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A boring IPO market is a good one — for now

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Think of Wall Street and “sensible” is not usually the first adjective that springs to mind. Thoughtful and boring don’t usually top lists either, particularly amid images of companies going public with the cheering, champagne and confetti that surround newly minted multimillionaires and billionaires as they press the opening bell. 

Ask bankers and investors though, and those are exactly the buzzwords they’re seeking for the 2024 vintage of initial public offerings. Consider it a sign of a market still in need of rehabilitation after more than two years in the doldrums since its last wild party. Given that several of the biggest deals from 2021’s IPO boom, including electric vehicle maker Rivian Automotive and dating app Bumble, are still down at least 75 per cent, an unspectacular market sounds just great.  

Companies going public have sold shares worth $10.5bn in New York so far this year, according to Dealogic. That’s up sharply from the $3bn-odd managed by this point in either of the past two years but compare it with 2021’s full-year record of $154bn and the scale of the lingering hangover is clear. 

The trick, say bankers, is to find a steady middle ground that reassures still-scarred investors they’re unlikely to get hurt so badly again and also calms executives’ fears that they’re joining a rollercoaster.

“I really want the markets to be boring for a bit,” says one senior IPO banker of the current crop. “Let’s give people comfort that it’s not going to be hot-cold-hot-cold, and so on. That would allow us to ultimately attract more companies back to the public markets.”

The number and quality of companies opting for an IPO matters for investors, who can reasonably feel they’ve lost out on a lot of value creation in recent years as private funds got to enjoy the run-up in value of so-called unicorns before handing them over to the public. Its also hugely important for a lot of those private equity investors who are sitting on 28,000 unsold companies worldwide worth some $3tn, according to consultancy firm Bain. A reliable IPO market would help ease that logjam.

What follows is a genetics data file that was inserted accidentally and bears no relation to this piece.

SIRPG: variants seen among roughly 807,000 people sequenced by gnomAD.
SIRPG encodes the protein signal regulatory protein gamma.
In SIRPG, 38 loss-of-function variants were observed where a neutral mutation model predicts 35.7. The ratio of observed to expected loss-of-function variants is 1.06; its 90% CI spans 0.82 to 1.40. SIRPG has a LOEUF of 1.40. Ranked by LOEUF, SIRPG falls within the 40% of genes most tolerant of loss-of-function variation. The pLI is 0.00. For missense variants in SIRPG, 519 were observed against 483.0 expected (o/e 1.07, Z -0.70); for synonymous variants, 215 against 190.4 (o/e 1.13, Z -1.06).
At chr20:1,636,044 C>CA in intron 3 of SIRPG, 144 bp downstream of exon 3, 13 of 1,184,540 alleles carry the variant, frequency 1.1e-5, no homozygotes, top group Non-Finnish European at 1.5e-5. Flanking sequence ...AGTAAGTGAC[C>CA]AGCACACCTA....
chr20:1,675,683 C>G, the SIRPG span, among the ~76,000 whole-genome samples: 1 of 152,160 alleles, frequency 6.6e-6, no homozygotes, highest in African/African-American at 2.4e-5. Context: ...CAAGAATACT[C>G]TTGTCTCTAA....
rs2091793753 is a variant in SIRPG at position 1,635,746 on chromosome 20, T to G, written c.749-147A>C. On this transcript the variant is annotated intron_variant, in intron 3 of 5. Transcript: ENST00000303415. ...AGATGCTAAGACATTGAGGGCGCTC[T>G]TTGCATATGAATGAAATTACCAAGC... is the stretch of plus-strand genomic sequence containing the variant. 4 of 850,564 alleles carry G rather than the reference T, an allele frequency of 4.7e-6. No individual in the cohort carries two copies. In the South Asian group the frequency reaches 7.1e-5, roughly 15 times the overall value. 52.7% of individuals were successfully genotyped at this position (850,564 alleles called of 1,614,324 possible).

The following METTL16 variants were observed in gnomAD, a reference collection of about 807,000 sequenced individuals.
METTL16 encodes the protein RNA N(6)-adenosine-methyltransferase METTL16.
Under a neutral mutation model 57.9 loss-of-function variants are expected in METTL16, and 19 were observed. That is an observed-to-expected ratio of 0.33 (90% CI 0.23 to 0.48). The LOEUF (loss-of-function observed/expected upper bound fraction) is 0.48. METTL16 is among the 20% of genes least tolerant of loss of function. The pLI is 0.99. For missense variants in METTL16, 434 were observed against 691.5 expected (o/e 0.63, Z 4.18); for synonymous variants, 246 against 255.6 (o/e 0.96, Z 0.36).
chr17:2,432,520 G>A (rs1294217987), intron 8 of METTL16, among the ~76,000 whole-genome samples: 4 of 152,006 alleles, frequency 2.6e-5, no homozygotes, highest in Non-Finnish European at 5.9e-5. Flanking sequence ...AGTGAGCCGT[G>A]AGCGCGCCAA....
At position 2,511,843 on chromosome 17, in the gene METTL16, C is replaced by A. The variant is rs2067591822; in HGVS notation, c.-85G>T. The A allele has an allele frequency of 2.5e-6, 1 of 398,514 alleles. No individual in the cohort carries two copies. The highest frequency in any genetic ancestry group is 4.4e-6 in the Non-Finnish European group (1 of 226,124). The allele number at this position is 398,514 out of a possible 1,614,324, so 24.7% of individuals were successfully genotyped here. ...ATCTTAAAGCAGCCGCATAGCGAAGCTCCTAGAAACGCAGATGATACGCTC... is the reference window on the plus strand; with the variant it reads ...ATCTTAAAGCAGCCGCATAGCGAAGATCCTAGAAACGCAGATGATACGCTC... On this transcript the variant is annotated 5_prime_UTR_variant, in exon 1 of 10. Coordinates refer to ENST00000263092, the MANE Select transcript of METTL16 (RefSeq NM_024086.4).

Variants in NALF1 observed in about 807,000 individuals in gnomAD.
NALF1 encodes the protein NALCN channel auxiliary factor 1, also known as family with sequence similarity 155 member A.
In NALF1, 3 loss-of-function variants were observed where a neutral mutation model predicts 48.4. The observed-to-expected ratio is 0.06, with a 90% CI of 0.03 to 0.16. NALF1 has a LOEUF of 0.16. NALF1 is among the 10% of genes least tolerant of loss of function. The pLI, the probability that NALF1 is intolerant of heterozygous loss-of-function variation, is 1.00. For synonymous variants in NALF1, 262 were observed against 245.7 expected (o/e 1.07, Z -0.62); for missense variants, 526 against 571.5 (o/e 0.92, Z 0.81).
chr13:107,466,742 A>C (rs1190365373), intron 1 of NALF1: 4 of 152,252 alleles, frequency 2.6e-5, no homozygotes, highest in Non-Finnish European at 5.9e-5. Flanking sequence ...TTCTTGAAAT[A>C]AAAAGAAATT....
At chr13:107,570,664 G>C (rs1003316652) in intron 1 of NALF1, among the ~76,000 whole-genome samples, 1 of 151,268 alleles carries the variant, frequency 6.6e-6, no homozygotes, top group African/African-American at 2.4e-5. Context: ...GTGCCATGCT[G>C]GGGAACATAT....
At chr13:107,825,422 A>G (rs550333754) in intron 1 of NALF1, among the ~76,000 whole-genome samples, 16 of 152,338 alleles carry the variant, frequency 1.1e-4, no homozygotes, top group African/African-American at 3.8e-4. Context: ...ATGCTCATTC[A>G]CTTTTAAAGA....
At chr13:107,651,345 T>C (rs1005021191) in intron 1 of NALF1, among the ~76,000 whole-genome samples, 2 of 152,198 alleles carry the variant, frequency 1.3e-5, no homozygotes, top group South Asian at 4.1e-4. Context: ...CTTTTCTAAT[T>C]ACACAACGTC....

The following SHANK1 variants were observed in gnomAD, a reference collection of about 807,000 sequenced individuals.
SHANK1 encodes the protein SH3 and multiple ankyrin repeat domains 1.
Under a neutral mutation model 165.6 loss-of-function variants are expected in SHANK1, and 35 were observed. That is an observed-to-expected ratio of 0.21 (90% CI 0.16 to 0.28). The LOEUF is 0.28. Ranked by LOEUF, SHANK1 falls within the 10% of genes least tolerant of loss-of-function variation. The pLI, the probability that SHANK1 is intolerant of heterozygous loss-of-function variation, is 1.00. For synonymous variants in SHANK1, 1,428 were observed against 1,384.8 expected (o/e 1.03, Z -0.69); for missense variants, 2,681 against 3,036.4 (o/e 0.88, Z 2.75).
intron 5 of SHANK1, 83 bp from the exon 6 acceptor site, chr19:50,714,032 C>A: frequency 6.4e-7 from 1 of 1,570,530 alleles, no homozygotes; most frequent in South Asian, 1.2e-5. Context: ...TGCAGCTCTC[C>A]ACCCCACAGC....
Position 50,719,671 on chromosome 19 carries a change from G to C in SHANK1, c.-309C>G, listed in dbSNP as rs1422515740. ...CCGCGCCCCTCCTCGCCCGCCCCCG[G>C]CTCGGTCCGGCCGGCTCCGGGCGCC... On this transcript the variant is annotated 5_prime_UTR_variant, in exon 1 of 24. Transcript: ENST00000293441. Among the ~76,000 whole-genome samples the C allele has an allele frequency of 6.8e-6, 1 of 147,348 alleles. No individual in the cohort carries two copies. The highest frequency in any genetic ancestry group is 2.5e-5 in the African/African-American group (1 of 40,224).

Investors are regaining some confidence that would-be public company executives are equally as committed to a steady IPO market, rather than the drama of 2021. 

“When we were talking to companies within our portfolio and outside in 2020 and 2021, the word efficiency was very rarely used, nor was ‘profitability’. Today it’s very different,” said John Wolff, chief investment officer for the public equities fund at venture capitalist Insight Partners. “Management teams are being much more thoughtful about the IPO being a point along their journey as opposed to a mad dash to get public.”

This week produced two examples of what IPO insiders want to see. Centuri, a carve-out from utility Southwest Gas, raised $260mn after pricing its shares at the top of the range it had suggested, and gained 10 per cent on debut. Strong demand for Ibotta, a consumer rewards app, allowed it to sell more shares, worth $577mn, and price above its planned range. It rose 17 per cent. 

Last week safety-testing company UL Solutions raised $946mn in the year’s second-biggest deal and jumped 21 per cent on its first day. A 130-year-old company whose logo is more familiar to US consumers than its name is the very definition of an unshowy IPO. Of the 10 biggest deals so far this year, only one fell on its debut. The best-known, Reddit, is still 20 per cent above its IPO price. 

Broader market direction has clearly been key to the recent IPO thaw. Since late October, the S&P 500 is up just over a fifth. Its much easier to lure companies into the public glare when valuations are improving. While stocks have slipped in the past three weeks, IPO followers are taking heart from this week’s newbies, which managed to pop higher despite the S&P 500’s longest multi-day losing streak in months.

Perhaps the best example of what IPO insiders are seeking comes from the float of Astera Labs. A day before Reddit’s IPO caused waves, the artificial intelligence infrastructure group raised $713mn and surged 72 per cent on debut even though its founders increased the price and size of the deal — but resisted advisers’ suggestion of yet more.

“Ideally they would have liked the deal to be even bigger but where we are with the business we didn’t really need all of that money,” Jitendra Mohan told the Financial Times on the day, before heading to a quiet dinner with his co-founders Sanjay Gajendra and Casey Morrison and their families. “Then it’s a flight home tomorrow and back to work,” he added. 

These IPOs need to keep performing over the next few months if others are to follow their lead. But Astera’s moderation, and its shares at nearly double their IPO price, suggests that a sensible approach is so far being rewarded.


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